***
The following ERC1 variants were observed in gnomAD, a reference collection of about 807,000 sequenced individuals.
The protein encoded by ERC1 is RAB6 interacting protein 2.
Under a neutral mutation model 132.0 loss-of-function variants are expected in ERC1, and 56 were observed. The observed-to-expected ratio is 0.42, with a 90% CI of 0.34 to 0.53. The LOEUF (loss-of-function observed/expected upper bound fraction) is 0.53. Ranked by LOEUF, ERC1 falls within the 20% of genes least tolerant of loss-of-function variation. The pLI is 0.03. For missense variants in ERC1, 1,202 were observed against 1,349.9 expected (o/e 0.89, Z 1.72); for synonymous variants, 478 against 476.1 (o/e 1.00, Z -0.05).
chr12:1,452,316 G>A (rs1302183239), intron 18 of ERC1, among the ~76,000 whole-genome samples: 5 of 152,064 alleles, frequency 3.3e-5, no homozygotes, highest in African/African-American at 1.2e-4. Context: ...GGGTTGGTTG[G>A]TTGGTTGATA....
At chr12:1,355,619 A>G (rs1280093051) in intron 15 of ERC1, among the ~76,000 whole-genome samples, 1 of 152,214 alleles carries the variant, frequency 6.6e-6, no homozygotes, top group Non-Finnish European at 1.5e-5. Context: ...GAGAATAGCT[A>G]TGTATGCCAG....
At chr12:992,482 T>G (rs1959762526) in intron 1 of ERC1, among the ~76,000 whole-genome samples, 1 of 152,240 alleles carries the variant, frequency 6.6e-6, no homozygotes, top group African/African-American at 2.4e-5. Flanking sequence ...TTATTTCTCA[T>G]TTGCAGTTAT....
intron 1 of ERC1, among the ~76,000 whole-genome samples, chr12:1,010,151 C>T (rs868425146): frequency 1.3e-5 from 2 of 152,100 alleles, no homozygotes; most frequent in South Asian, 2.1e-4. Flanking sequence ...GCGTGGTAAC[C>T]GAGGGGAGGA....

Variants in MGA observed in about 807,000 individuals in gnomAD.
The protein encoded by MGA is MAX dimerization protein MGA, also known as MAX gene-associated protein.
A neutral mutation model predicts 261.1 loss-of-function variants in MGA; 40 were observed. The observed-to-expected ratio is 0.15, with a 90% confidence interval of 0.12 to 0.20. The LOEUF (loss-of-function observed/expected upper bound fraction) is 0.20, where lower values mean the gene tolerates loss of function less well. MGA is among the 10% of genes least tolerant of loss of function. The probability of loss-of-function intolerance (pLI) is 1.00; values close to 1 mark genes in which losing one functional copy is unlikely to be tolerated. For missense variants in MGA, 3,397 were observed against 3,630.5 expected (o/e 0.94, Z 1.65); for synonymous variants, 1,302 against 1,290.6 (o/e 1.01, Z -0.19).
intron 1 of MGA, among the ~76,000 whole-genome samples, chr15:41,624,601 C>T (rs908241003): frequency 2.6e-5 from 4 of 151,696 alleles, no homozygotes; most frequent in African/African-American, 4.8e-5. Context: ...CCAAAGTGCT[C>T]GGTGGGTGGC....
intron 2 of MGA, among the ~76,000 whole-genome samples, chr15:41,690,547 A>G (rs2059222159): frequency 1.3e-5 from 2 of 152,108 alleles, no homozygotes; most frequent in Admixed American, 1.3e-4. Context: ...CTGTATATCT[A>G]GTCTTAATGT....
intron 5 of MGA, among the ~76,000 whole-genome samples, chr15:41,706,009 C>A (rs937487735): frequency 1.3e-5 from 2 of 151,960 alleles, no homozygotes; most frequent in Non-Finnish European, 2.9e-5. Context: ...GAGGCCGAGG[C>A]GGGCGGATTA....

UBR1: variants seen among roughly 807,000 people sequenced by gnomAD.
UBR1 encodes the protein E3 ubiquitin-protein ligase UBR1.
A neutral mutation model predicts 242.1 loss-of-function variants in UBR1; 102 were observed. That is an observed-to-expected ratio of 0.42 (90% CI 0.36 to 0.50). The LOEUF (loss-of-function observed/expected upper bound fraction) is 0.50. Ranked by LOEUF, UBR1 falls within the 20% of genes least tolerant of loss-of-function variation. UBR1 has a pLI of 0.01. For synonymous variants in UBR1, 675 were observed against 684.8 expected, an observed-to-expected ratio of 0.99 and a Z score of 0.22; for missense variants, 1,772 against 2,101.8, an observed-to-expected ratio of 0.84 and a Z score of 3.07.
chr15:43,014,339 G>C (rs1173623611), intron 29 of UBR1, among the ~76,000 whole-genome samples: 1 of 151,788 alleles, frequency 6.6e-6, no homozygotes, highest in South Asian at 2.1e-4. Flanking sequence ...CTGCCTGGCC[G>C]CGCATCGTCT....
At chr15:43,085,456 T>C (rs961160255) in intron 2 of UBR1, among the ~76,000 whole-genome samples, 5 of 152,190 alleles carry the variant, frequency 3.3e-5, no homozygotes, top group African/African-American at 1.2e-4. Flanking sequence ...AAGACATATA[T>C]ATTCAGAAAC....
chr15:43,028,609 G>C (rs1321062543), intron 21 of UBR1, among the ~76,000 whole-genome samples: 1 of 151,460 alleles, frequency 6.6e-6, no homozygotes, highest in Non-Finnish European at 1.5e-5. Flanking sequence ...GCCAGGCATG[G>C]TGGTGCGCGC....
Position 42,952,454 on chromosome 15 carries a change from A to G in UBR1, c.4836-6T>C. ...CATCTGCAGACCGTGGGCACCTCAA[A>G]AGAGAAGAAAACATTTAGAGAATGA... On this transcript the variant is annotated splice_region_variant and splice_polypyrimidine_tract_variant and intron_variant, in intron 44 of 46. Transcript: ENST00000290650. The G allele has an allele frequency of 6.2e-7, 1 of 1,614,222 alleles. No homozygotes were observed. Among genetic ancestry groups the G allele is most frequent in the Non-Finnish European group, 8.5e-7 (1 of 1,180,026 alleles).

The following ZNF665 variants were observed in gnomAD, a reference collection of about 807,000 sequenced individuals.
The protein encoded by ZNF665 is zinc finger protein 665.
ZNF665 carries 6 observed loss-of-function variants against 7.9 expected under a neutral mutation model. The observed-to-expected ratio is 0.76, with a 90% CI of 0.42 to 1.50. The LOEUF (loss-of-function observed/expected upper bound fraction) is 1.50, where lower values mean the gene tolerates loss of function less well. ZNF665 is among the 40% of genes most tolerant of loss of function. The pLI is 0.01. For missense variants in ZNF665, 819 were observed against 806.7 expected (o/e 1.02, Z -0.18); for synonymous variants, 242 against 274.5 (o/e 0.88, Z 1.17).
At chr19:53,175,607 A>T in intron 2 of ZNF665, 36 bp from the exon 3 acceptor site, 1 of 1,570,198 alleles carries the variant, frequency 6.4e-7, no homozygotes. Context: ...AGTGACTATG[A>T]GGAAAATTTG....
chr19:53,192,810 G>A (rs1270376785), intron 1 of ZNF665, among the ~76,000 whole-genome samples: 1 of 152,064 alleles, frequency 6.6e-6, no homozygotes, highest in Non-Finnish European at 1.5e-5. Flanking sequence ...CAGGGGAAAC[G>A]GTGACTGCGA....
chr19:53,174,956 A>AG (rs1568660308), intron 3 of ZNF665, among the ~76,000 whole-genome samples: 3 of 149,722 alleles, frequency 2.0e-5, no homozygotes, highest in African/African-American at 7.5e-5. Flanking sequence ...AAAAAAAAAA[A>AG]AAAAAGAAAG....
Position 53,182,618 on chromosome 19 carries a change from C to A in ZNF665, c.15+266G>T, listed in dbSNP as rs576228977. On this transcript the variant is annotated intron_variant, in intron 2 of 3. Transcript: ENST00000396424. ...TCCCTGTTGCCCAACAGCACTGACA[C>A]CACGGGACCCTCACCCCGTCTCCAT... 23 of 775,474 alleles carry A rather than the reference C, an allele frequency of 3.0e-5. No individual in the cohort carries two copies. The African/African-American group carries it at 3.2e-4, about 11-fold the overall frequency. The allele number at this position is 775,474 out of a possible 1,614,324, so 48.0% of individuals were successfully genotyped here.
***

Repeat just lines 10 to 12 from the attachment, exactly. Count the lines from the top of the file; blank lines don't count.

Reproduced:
A neutral mutation model predicts 261.1 loss-of-function variants in MGA; 40 were observed. The observed-to-expected ratio is 0.15, with a 90% confidence interval of 0.12 to 0.20. The LOEUF (loss-of-function observed/expected upper bound fraction) is 0.20, where lower values mean the gene tolerates loss of function less well. MGA is among the 10% of genes least tolerant of loss of function. The probability of loss-of-function intolerance (pLI) is 1.00; values close to 1 mark genes in which losing one functional copy is unlikely to be tolerated. For missense variants in MGA, 3,397 were observed against 3,630.5 expected (o/e 0.94, Z 1.65); for synonymous variants, 1,302 against 1,290.6 (o/e 1.01, Z -0.19).
intron 1 of MGA, among the ~76,000 whole-genome samples, chr15:41,624,601 C>T (rs908241003): frequency 2.6e-5 from 4 of 151,696 alleles, no homozygotes; most frequent in African/African-American, 4.8e-5. Context: ...CCAAAGTGCT[C>T]GGTGGGTGGC....
intron 2 of MGA, among the ~76,000 whole-genome samples, chr15:41,690,547 A>G (rs2059222159): frequency 1.3e-5 from 2 of 152,108 alleles, no homozygotes; most frequent in Admixed American, 1.3e-4. Context: ...CTGTATATCT[A>G]GTCTTAATGT....